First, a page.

Video game streaming and esports: Anyone who has yelled "this game cheats!" (or more colorful invectives) at a screen knows that timing is critical for gamers. Sub-100-millisecond latency is a must. No one wants to play a game via a streaming service and discover that they're firing at enemies that are no longer there. In platforms offering features for direct viewer-to-broadcaster interaction, it’s also important that viewer suggestions and comments reach the streamer in time for them to beat the level.
How Does Low-Latency Streaming Work?
Now that you know what low latency is and when it's important, you're probably wondering, how can I deliver low-latency streaming?
As with most things in life, low-latency streaming involves tradeoffs. You'll have to balance three factors to find the mix that's right for you:
- Encoding protocol and device/player compatibility.
- Audience size and geographic distribution.
- Video resolution and complexity.
The streaming protocol you choose makes a big difference, so let's dig into that:
Apple HLS is among the most widely used streaming protocols due to its reliability—but it's not suited to true low-latency streaming. As an HTTP-based protocol, HLS streams chunks of data, and video players need a certain number of chunks (typically three) before they start playing. If you’re using the default HLS chunk size (10 seconds), that means you’re already 30 to 45 seconds behind. Customization can cut that significantly, but your viewers will experience more buffering the smaller you make those chunks.
RTMP has long been the standard for low-latency streaming, but more people are moving away from it and implementing alternatives such as WebRTC, SRT, CMAF, QUIC, WebSockets and others. Here’s a look at how various technologies compare:
- RTMP delivers quality low-latency streaming, but requires a Flash-based player or custom players, meaning it is not supported on iOS devices (and soon won't work in many web browsers).
- WebRTC is growing in popularity as an HTML5-based solution that’s well-suited for creating browser-based applications. WebRTC allows for low-latency delivery in an HTML5-based, Flash-free environment; however, it suffers from the inability to scale beyond 1,000 concurrent viewers.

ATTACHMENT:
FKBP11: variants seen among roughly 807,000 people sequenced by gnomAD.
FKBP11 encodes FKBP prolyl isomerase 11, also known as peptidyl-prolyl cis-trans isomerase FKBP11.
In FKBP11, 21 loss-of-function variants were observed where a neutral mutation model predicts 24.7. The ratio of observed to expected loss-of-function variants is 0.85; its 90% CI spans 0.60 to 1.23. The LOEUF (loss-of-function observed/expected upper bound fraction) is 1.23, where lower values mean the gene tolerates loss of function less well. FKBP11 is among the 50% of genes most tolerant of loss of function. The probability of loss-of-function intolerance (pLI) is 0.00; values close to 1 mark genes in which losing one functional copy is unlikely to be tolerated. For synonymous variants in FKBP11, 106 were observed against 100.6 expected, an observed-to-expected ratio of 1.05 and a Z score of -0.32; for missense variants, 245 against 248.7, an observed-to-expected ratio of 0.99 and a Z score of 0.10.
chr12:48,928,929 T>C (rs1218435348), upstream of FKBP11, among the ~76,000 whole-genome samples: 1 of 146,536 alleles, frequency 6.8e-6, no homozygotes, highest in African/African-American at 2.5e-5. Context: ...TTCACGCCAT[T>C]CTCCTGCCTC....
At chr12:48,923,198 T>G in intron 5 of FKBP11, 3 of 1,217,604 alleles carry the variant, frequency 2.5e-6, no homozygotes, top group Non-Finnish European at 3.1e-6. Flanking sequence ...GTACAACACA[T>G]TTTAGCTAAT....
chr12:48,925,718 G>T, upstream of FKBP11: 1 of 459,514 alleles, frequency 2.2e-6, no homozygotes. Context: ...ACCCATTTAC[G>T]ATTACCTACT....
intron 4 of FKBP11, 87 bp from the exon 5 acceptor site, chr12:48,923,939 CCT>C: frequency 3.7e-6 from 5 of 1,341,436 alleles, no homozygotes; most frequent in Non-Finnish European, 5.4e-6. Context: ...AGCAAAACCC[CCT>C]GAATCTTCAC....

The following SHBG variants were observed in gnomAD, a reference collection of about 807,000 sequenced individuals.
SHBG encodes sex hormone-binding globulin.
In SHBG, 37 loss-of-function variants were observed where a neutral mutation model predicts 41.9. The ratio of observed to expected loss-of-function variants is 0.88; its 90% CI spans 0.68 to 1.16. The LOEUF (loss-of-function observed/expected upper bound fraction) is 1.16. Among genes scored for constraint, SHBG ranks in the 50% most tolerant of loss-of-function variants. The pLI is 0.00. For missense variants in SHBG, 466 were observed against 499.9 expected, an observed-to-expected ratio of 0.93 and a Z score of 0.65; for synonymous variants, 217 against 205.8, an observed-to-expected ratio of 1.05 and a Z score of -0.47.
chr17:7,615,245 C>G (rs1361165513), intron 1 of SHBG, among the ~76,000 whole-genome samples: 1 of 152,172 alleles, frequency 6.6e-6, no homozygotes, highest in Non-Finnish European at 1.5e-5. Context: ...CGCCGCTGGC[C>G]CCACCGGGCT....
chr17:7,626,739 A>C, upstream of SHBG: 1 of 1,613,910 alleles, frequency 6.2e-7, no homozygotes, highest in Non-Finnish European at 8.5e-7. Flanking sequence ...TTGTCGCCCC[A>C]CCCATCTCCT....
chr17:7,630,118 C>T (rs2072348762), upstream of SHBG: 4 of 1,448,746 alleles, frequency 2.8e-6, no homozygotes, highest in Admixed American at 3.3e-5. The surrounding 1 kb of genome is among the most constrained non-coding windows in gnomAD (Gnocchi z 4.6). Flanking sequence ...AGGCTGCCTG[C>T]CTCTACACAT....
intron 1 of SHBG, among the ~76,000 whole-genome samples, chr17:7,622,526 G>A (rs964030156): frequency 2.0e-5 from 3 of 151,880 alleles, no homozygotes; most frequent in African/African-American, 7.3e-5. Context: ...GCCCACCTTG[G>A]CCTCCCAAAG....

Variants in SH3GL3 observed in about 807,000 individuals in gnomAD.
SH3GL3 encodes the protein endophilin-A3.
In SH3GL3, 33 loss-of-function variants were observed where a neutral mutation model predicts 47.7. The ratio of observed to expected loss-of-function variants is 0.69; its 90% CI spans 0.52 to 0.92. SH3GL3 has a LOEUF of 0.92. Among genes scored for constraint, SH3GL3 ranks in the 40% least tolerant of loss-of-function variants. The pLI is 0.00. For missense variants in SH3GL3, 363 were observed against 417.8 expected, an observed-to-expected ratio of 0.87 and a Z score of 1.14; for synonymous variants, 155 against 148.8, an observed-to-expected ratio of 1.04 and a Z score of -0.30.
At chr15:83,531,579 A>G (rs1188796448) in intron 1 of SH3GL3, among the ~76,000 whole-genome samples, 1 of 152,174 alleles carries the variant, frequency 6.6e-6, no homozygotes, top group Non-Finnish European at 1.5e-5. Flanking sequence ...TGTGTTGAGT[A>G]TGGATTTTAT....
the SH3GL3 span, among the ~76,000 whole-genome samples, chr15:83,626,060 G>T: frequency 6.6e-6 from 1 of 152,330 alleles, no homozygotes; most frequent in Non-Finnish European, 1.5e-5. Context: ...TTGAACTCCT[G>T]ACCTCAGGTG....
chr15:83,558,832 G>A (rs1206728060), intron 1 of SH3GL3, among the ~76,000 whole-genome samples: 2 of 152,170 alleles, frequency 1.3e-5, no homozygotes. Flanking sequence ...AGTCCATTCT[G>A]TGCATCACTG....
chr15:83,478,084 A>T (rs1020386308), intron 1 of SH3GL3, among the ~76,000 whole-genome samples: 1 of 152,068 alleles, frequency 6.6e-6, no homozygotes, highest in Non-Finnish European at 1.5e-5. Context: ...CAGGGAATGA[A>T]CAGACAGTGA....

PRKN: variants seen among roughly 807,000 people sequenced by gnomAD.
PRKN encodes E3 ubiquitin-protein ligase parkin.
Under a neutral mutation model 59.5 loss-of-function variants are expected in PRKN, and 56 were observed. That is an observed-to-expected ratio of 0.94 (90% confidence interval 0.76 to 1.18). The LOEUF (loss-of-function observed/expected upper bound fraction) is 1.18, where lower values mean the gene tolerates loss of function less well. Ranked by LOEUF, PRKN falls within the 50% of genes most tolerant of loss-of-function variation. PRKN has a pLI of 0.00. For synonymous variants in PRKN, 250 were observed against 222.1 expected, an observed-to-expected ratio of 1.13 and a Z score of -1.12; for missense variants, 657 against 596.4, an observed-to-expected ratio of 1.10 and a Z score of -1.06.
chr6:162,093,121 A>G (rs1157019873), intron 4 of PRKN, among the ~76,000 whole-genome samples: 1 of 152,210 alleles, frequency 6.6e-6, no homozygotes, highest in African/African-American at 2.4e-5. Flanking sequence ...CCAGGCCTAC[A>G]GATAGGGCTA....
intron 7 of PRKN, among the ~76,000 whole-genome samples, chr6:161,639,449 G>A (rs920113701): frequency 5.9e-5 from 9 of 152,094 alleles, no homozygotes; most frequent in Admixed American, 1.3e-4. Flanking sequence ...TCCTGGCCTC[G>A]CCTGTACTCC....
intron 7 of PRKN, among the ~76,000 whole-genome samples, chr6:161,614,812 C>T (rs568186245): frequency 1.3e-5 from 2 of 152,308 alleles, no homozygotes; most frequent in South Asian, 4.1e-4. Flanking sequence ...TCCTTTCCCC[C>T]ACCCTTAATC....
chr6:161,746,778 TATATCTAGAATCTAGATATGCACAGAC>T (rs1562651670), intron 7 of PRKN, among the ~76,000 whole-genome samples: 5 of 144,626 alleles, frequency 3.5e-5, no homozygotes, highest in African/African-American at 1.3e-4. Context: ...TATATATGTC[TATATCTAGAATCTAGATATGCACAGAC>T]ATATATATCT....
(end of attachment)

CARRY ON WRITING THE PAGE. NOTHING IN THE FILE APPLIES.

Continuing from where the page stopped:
- SRT (Secure Reliable Transport) is becoming popular for use cases involving unstable or unreliable networks. As a UDP-like protocol, SRT is great at delivering high-quality video over long distances, but it suffers from player support without a lot of customization.
- Two new protocols, CMAF (Common Media Application Format) and QUIC (Quick UDP Internet Connections), are emerging as alternative options, supported by Akamai and Google, respectively. While still in their infancy, both show promise of delivering super-fast video—but we have yet to see how well they scale.
- WebSockets, which is supported by Wowza Streaming Engine™ software, is also an alternative. Creating a direct connection between the server and client, WebSockets allows you to continually push a stream with little chatter between machines, thus decreasing bandwidth bloat.
Another major consideration is your streaming server or cloud service. You'll want streaming technology that provides you with fine-grained control over latency and video quality, and offers the greatest flexibility.
The Wowza Ultra Low Latency Service (a premium offering of the Wowza Streaming Cloud™ service) was designed for multiple types of streaming: high scale as well as low latency. Why is this mix important? It gives you the best of both worlds, without having to sacrifice quality.
Stay tuned for the next installments in our four-part video series to learn about the options for protocols and streaming workflows, current trends and how Wowza is providing more options to solve low-latency streaming.